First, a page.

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Archived: Werneth Medical Practice Good

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Reports


Inspection carried out on 27/03/2018

During an inspection to make sure that the improvements required had been made

We first carried out an announced comprehensive inspection at Werneth Medical Practice on 13 October 2017. Overall the practice was rated as good. The domain of safe was rated as requires improvement as improvements were required regarding safe care and treatment. The previous inspection report can be found by accessing the ‘all reports’ link for Werneth Medical Practice on our website at www.cqc.org.uk.

This inspection was an announced focused inspection carried out on 27 March 2018. This inspection was to check the areas where the provider must or should make improvements had been actioned. At this inspection we found:

  • All the required safety checks were being carried out and comprehensive safety assessments were in place.

  • Recruitment processes had been strengthened so all relevant information was available.

  • Oxygen masks for children had been purchased.

  • Plans were in place to formalise an action plan following the GP patient surveys.

  • The cleaning schedule had been updated.

  • The practice had taken steps to identify more patients who were carers.

The practice is now rated good in the safe domain.

Professor Steve Field (CBE FRCP FFPH FRCGP) 

Chief Inspector of General Practice

Inspection carried out on 11/10/2017

During a routine inspection

Letter from the Chief Inspector of General Practice

We carried out an announced comprehensive inspection at Werneth Medical Practice on 13 October 2017. Overall the practice is rated as good.

Our key findings across all the areas we inspected were as follows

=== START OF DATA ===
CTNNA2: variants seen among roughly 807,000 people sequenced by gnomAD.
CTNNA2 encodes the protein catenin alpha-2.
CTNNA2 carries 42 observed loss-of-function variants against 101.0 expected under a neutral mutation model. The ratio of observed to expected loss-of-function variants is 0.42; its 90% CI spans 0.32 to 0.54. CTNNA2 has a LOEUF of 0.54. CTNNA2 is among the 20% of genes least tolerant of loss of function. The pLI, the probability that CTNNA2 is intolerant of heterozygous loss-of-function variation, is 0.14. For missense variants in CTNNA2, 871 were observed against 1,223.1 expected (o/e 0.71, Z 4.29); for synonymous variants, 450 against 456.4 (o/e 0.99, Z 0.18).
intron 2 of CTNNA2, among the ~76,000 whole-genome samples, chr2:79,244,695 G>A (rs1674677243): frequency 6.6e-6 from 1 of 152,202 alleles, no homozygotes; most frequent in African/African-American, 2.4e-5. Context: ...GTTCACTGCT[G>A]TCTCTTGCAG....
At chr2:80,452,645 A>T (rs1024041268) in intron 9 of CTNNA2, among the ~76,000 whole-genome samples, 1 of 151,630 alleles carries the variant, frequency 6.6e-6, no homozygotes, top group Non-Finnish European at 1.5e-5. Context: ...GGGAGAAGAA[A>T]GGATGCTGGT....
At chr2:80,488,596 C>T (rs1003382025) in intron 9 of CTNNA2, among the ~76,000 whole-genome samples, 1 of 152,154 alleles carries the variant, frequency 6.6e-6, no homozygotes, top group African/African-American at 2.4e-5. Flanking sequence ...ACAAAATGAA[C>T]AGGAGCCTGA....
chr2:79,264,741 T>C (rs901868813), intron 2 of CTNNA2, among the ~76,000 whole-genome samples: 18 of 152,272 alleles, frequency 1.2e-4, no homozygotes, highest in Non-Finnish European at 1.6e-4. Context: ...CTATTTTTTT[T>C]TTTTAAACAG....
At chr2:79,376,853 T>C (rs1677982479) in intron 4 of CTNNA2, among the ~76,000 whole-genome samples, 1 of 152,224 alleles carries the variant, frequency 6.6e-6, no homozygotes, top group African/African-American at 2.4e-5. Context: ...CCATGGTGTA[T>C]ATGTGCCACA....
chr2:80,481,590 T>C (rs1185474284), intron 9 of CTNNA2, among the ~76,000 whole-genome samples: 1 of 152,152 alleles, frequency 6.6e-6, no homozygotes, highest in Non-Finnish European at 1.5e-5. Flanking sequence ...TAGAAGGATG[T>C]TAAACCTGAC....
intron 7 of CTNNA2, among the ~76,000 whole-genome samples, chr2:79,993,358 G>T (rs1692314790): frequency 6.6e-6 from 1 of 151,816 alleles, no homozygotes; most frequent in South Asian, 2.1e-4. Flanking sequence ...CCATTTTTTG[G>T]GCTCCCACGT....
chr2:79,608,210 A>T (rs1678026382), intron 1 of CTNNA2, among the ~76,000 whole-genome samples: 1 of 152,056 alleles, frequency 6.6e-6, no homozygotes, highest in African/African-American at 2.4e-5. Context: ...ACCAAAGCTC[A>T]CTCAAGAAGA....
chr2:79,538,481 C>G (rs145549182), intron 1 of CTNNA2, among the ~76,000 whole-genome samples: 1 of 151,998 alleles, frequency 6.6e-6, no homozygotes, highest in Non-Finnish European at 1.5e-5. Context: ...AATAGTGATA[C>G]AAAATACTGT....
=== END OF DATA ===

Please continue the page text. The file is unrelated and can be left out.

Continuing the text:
• There was an open and transparent approach to safety and a system in place for reporting and recording significant events.
  • The practice had systems to minimise risks to patient safety but some of these required review.
  • Staff were aware of current evidence based guidance. Staff had been trained to provide them with the skills and knowledge to deliver effective care and treatment.
  • Results from the national GP patient survey were below average, but we saw during the inspection that patients were treated with compassion, dignity and respect.
  • Information about services and how to complain was available.
  • Patients we spoke with said they usually found it easy to make an appointment with a GP and there was continuity of care, with urgent appointments available the same day.
  • There was a clear leadership structure and staff felt supported by management. The practice proactively sought feedback from staff and patients, which it acted on.
  • The provider was aware of the requirements of the duty of candour. Examples we reviewed showed the practice complied with these requirements.

The areas where the provider must make improvement are:

  • The provider must ensure safe care and treatment is provided. This includes carrying out all necessary checks, such as for legionella and other appropriate items, ensuring all medicines and toxic substances are kept securely, displaying hazard signs in appropriate places, and checking there are control of substances hazardous to health (COSHH) assessments for all required substances.

In addition the provider should:

  • Check the cleaning schedule contains full guidance of items to be cleaned.

  • Have an explanation of gaps in potential staff members’ employment history and ask for reasons past employment ended.

  • Work towards increasing the number of patients recorded as being carers, and look at further support for carers that could be offered.

  • Put in place an action plan following patient surveys.

  • Consider having oxygen masks for children.

Professor Steve Field (CBE FRCP FFPH FRCGP) 

Chief Inspector of General Practice